Thailand, rebel group agree to seek peace talks


KUALA LUMPUR: Thailand signed its first-ever public agreement with a rebel group in its Muslim-majority south on Thursday, pledging to work toward peace talks aimed at ending a festering insurgency.

The potentially historic pledge was signed in Kuala Lumpur between Thai  officials and a representative of the Barisan Revolusi Nasional (BRN) rebel  group hours before a visit to Malaysia by Thai premier Yingluck Shinawatra.

Yingluck was to meet later in the day with her host, Malaysian Prime  Minister Najib Razak, for annual talks set to include the nine-year insurgency  and the possibility of Malaysia hosting future Thai negotiations with the  militants.

There has been a recent spike in attacks along Thailand’s border with  Muslim-majority Malaysia, where the nine-year insurgency has claimed more than  5,500 lives.

However, experts warned against viewing the agreement as a breakthrough,  noting the splintered nature of the Muslim insurgents, lack of concrete  demands, and Thailand’s difficulty identifying figures with authority to  negotiate.

The “general consensus document to launch a dialogue process for peace” was  signed by Lieutenant-General Paradorn Pattanathabutr, secretary general of  Thailand’s National Security Council, and Hassan Taib of the BRN.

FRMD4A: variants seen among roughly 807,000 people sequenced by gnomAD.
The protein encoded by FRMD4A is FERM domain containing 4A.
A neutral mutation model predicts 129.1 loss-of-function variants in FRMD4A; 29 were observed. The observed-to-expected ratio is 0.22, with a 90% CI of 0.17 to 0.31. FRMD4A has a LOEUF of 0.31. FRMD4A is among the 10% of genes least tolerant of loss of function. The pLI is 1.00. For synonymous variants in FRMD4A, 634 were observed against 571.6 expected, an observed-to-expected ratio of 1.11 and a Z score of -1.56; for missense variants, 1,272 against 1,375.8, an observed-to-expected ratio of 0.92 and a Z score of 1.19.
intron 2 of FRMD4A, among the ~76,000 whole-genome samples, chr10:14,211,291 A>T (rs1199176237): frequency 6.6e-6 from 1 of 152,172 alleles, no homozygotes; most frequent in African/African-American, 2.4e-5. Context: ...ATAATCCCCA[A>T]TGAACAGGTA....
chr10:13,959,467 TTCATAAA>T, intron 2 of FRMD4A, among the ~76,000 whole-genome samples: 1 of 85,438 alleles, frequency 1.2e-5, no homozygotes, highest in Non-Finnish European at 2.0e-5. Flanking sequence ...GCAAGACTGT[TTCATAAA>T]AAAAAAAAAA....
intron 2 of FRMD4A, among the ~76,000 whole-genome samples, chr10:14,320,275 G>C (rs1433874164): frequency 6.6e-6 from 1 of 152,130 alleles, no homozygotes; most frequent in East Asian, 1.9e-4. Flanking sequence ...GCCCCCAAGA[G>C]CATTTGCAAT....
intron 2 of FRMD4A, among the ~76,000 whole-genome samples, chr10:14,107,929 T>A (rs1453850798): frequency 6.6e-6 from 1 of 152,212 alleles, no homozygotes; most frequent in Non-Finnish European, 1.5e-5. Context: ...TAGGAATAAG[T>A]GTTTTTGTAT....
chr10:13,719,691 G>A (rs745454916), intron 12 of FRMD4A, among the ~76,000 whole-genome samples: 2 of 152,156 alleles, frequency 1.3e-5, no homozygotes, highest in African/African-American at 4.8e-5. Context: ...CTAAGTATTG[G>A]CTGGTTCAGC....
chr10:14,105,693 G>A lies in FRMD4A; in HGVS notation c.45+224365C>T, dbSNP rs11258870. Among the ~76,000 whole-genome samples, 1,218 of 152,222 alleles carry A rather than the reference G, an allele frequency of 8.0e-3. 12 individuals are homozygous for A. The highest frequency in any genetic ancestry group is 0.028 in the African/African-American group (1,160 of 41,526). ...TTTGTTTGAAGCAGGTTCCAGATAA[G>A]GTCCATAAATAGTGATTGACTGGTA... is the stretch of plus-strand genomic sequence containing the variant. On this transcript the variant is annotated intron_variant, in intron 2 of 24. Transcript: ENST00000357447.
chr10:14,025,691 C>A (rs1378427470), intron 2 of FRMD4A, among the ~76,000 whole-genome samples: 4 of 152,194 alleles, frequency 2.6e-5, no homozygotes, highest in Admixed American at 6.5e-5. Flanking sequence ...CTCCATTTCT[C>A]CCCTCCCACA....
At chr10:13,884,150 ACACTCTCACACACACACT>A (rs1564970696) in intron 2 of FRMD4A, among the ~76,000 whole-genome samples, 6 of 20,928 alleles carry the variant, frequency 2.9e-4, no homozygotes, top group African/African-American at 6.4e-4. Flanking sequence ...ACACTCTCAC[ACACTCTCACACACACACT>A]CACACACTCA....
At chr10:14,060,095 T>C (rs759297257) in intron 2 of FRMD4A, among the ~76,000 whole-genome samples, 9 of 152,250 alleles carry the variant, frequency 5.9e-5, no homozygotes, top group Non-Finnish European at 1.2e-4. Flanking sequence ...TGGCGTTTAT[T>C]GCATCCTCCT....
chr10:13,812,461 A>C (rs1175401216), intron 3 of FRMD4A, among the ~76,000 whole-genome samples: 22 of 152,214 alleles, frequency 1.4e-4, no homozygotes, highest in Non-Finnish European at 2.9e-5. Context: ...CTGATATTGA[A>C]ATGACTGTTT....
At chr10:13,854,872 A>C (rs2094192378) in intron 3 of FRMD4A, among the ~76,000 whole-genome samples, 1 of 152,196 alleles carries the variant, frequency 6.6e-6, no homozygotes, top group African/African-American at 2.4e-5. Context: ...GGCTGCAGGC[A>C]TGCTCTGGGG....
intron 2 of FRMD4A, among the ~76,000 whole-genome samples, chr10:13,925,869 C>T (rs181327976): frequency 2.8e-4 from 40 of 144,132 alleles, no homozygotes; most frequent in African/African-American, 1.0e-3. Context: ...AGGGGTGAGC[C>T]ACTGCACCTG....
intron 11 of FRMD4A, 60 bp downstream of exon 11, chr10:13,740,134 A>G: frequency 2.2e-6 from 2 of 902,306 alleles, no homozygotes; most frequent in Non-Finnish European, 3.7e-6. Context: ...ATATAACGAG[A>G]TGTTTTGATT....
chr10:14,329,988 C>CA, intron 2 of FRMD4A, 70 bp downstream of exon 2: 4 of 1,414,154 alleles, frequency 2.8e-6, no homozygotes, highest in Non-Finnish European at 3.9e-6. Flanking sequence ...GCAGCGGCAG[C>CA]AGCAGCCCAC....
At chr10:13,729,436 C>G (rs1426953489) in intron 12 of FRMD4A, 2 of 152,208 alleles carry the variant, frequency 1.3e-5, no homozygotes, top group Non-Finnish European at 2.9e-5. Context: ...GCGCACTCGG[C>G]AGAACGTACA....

“Thank Allah we will do our best to solve the problem. We will tell our  people to work together to solve the problems,” Hassan, identified as the
“chief of the BRN liaison office in Malaysia,” told reporters.No text of the agreement was handed out and officials otherwise offered  little comment.

Barisan Revolusi Nasional, which in Malay means “National Revolutionary  Front”, is one of several shadowy groups blamed for the unrest in Thailand. It remains to be seen whether other groups will fall in line.

Marc Askew, an expert on southern Thailand at the University of Melbourne,  said there was little evidence that “self-appointed” representatives of the  various groups exercise any control over hardened militants on the ground.

“The challenge remains the same as always — to connect with the fighting  insurgents, not just the talkers,” he told AFP.

Leeds University researcher Duncan McCargo said the deal was a welcome sign  that Thailand recognises the need for a political solution.

But he noted various back-channel talks have already been held with little  coherence or progress. “Under the circumstances, the latest news needs to be viewed with  considerable caution,” he said.

Paradorn had acknowledged on Wednesday that Thailand was still establishing  the authority of militant leaders to negotiate.

Thailand’s southernmost provinces suffer almost daily gun and bomb attacks  by shadowy insurgents seeking greater autonomy, which Thailand rejects. Many residents of southern Thailand are Muslim ethnic Malays who resent being governed by the Buddhist Thais.

Malaysia already hosts negotiations between the Philippine government and  Muslim separatists in the south of that country which resulted in October in a  landmark agreement aimed at ending a decades-long insurgency. -- AFP

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